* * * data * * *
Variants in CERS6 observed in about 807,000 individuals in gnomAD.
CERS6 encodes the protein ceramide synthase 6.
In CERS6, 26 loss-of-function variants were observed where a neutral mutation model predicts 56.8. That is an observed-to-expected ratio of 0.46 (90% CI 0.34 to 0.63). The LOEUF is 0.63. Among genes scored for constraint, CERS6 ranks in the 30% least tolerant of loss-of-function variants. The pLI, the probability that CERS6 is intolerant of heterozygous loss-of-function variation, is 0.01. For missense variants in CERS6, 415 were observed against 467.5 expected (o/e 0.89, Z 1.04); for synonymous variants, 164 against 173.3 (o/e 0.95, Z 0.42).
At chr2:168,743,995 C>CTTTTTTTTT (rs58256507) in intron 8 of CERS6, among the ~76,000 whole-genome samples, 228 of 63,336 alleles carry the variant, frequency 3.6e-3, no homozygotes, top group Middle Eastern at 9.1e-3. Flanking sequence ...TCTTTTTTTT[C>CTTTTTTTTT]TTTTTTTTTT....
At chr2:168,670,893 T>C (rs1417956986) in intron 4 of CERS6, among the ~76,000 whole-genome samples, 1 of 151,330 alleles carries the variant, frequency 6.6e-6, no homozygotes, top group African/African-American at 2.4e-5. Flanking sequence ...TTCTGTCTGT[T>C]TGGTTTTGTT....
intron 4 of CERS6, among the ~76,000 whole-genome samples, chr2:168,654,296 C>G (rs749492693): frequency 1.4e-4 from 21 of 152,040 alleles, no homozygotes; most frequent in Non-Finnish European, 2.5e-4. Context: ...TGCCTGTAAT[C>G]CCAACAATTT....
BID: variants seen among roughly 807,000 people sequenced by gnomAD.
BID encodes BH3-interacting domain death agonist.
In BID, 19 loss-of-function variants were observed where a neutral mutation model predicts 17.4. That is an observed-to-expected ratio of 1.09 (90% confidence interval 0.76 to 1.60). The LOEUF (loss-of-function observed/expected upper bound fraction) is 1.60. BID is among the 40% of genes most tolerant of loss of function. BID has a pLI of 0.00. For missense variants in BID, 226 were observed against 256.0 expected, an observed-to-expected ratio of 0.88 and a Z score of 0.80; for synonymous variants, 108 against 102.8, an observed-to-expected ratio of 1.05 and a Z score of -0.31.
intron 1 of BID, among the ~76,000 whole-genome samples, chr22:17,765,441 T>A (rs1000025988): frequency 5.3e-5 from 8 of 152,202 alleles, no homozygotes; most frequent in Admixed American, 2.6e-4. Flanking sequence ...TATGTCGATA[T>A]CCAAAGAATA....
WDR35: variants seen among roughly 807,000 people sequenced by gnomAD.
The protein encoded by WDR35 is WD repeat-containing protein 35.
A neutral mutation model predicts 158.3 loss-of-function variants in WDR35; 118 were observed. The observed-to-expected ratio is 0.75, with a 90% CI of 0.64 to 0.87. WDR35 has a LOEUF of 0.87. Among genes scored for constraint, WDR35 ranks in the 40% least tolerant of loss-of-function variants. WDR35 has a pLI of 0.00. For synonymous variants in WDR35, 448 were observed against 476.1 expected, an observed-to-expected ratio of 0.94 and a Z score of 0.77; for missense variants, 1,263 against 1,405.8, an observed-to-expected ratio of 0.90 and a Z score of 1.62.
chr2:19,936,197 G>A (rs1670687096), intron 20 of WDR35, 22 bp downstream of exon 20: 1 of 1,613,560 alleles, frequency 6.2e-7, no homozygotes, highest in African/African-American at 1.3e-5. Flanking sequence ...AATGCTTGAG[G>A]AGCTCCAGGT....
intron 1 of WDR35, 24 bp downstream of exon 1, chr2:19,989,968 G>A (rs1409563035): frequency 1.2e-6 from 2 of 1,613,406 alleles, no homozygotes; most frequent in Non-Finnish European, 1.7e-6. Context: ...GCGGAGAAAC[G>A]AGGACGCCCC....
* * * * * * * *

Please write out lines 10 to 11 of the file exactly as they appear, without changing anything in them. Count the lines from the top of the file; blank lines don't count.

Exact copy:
intron 1 of BID, among the ~76,000 whole-genome samples, chr22:17,765,441 T>A (rs1000025988): frequency 5.3e-5 from 8 of 152,202 alleles, no homozygotes; most frequent in Admixed American, 2.6e-4. Flanking sequence ...TATGTCGATA[T>A]CCAAAGAATA....
WDR35: variants seen among roughly 807,000 people sequenced by gnomAD.